Thimerosal information
January 2 2017

Exposure to thimerosal, a mercury-containing chemical previously used as a preservative in vaccines, does not seem to increase the risk of autism according to lead author Dr. Judith Miles, from the University of Missouri-Columbia. Although studies have shown little or no evidence of an association, thimerosal was removed from all routine childhood vaccines in the U.S. in 2002. The present study involved a telephone survey of 214 mothers of 230 children with autism or a related disorder. Exposure to thimerosal -containing Rh immune globulin, a vaccine administered to some women to avoid pregnancy complications, was compared between this group and the general population. The researchers found that autistic children were no more likely than unaffected children to have been exposed to Rh immune globulin. American Journal of Medical Genetics, May 16th online issue, 2007.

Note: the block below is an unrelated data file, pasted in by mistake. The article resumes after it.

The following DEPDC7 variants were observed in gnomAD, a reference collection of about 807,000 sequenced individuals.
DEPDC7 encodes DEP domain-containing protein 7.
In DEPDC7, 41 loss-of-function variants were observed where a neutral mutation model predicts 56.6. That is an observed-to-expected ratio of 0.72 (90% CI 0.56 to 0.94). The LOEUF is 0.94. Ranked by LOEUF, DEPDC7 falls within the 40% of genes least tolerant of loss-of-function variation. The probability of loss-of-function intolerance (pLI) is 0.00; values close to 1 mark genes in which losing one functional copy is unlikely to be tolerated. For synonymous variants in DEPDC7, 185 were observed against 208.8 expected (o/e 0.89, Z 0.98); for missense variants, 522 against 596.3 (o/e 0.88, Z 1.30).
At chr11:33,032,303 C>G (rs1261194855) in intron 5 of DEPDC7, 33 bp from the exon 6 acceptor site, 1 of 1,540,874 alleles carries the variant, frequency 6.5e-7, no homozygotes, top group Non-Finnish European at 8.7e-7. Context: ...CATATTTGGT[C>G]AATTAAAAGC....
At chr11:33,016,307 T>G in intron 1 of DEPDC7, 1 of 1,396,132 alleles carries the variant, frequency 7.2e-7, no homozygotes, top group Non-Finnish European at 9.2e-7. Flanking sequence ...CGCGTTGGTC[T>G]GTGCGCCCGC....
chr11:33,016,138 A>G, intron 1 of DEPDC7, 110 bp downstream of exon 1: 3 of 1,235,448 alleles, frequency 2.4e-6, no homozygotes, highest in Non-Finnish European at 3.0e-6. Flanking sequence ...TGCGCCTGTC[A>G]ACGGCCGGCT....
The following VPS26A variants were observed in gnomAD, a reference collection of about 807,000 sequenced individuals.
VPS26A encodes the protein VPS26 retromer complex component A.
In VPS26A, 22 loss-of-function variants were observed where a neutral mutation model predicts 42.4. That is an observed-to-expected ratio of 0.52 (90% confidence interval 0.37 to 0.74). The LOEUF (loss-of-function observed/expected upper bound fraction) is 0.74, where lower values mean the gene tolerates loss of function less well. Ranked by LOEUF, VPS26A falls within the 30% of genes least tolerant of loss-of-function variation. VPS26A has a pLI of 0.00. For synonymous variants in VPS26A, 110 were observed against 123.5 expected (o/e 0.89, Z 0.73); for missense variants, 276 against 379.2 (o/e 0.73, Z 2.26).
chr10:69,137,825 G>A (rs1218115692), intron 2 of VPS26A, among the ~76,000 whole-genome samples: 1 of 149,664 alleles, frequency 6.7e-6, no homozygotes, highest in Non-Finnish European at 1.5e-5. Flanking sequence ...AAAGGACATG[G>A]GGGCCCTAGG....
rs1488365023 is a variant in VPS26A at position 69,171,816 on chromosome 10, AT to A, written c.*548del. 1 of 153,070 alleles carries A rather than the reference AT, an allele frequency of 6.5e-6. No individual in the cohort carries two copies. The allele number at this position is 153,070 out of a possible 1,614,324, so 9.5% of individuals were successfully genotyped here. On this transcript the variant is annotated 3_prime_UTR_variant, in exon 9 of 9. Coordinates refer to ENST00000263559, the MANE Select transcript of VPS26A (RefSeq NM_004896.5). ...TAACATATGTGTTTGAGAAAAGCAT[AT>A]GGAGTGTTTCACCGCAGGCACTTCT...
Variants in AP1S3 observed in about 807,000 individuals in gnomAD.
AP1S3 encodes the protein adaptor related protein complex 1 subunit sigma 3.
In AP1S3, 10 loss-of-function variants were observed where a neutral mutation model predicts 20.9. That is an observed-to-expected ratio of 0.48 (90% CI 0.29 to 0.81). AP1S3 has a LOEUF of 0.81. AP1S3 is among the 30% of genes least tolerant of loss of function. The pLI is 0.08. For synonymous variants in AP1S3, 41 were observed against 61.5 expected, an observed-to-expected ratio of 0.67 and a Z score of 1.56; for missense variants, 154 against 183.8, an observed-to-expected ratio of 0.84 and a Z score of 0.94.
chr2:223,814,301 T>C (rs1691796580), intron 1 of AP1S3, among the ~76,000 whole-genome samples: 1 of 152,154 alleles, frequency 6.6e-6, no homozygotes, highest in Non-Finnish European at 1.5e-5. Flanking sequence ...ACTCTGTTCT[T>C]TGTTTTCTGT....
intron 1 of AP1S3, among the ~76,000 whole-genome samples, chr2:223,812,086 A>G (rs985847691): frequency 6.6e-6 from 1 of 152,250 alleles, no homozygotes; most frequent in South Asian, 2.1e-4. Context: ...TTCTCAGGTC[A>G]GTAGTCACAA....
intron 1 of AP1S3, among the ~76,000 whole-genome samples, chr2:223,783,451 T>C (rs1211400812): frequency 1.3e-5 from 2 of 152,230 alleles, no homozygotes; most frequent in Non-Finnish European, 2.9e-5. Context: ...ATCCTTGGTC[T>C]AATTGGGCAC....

Thimerosal is a mercuric derivative of thiosalicylic acid that goes by many names. It has been used as a disinfectant (eg, Merthiolate) and as a preservative in some vaccines, cosmetics, tattoo inks, eye drops, and contact lens solutions. It remains one of the least likely chemicals to cause contact allergy and for this reason has been removed from many standard screening series. Positive patch-test reactions (demonstrating sensitization) may still be seen (especially in older children); however, these reactions are not clinically relevant and are expected to be fewer, reflecting changes in current vaccine formulations.

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